ArticleTonight we’re diving into our recently digitized Boston Redevelopment Authority Collection with a Map Show and Tell event—here’s a sneak peek of a map that we’ll look at
Welcome back to the BRA Collection, our newest digitized collection, consisting of 124 historic city planning maps of Boston, that we introduced to you here. The map we’re talking about today is a map of the Theater District in downtown Boston.
This 1988 map tells a story about the preservation—or lack thereof —of historic theaters in Boston, a city which supposedly has the second highest concentration of old theaters outside of New York. This map lays out a plan to “revitalize” the theater district as a “multi-faceted Cultural District,” complete with places to eat, shop, and engage in public art. To what extent did Boston succeed in creating a modern and bustling cultural district downtown?
The cluster of theaters centered on Tremont and Washington Streets had a long history before this 1988 redevelopment map was drawn up. The opera house, for example, was already the Academy of Music in 1861, the oldest urban atlas layer visible on Atlascope.
The Academy of Music property became the Boston Theatre, which was replaced by the Keith Memorial Theatre by 1928. In this Atlascope view, swipe back and forth to see what changed in the neighborhood in between 1922 and 1928. While the Boston Theatre changes its name to the Keith Memorial Theatre and expands its footprint over this period, other theaters remained the same across this six year span, including the Bijou Dream, Keith’s Theatre, and Modern Theatre.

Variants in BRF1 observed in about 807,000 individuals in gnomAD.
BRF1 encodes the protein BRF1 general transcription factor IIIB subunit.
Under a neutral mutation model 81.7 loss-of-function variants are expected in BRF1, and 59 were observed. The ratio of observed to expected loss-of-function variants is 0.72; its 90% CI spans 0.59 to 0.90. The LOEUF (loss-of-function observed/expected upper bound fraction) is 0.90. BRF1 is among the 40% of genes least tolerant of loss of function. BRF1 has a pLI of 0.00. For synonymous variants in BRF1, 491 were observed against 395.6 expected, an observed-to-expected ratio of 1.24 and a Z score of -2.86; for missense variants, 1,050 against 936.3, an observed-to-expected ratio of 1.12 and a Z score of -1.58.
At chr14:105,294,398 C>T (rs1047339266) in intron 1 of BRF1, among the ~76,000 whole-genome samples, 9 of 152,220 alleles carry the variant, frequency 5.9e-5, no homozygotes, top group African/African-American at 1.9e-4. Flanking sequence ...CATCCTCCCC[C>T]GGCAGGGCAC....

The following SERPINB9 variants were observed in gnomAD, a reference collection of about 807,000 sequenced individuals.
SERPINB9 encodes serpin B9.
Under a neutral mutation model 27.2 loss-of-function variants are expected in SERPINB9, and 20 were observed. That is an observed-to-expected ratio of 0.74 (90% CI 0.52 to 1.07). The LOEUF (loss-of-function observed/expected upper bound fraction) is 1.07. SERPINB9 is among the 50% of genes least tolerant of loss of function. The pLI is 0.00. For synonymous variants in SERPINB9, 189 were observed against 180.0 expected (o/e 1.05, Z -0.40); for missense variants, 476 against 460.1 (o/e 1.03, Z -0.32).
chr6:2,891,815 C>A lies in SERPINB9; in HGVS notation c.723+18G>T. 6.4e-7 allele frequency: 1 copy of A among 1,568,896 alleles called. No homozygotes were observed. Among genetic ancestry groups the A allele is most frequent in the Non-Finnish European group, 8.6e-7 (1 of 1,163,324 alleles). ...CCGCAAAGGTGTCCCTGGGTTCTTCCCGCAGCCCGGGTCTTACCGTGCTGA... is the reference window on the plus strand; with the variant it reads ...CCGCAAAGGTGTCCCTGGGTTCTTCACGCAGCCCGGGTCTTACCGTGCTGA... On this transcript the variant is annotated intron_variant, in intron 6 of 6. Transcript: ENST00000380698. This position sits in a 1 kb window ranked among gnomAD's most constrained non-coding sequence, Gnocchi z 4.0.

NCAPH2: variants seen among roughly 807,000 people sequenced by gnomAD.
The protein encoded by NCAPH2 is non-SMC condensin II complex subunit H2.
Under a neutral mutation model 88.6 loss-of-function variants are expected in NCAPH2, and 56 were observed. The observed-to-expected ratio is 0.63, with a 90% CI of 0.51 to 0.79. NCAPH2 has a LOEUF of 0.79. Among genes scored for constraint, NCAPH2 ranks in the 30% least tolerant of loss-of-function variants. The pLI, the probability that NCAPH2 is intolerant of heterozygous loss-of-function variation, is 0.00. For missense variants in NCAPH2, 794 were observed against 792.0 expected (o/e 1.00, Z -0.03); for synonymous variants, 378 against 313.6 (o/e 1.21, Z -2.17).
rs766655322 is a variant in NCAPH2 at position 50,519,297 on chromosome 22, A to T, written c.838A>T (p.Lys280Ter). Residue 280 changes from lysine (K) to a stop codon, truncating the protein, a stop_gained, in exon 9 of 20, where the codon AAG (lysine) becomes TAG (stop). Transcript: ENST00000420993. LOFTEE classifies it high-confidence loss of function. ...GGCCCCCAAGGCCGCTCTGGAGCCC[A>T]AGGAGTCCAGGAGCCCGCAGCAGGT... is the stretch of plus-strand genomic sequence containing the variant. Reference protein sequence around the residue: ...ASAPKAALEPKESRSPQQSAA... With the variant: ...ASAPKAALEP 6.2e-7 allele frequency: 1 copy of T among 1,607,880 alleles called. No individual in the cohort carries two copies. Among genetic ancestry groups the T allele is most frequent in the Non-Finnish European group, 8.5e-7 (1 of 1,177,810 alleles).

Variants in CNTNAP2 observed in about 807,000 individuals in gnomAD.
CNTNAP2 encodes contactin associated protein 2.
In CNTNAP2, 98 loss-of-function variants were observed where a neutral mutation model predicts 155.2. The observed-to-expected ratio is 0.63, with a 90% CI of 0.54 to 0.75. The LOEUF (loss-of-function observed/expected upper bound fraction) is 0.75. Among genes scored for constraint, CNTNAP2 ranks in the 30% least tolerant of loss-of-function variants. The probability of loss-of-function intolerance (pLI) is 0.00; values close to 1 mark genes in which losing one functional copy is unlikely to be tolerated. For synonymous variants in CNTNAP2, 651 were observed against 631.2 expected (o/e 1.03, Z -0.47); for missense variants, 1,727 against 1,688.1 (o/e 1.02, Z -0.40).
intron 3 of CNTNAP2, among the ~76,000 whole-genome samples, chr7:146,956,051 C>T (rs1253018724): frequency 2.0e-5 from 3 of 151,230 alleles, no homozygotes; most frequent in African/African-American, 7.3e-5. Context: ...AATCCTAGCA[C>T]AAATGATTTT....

By panning around the map above, you can see the plethora of theaters whose buildings still formed the focal point for this part of Boston by the time the BRA map was published in 1988. Some, like the Gaiety Theatre at 659 Washington St., stood vacant in 1988. The BRA seems to have considered it “substantially altered,” and therefore not “worthy of preservation.” Marked for demolition, it was eventually razed in in 2005.
Others, or their descendants, remain in use today. Modern Theatre, for example, still exists in its original location as a part of Suffolk University, although only the facade of the building is original. Like several of the other theaters downtown, it has been both a movie and stage theater during its long and storied life.
If this was fun for you, make sure you check out tonight’s event. See you there with your favorite map!
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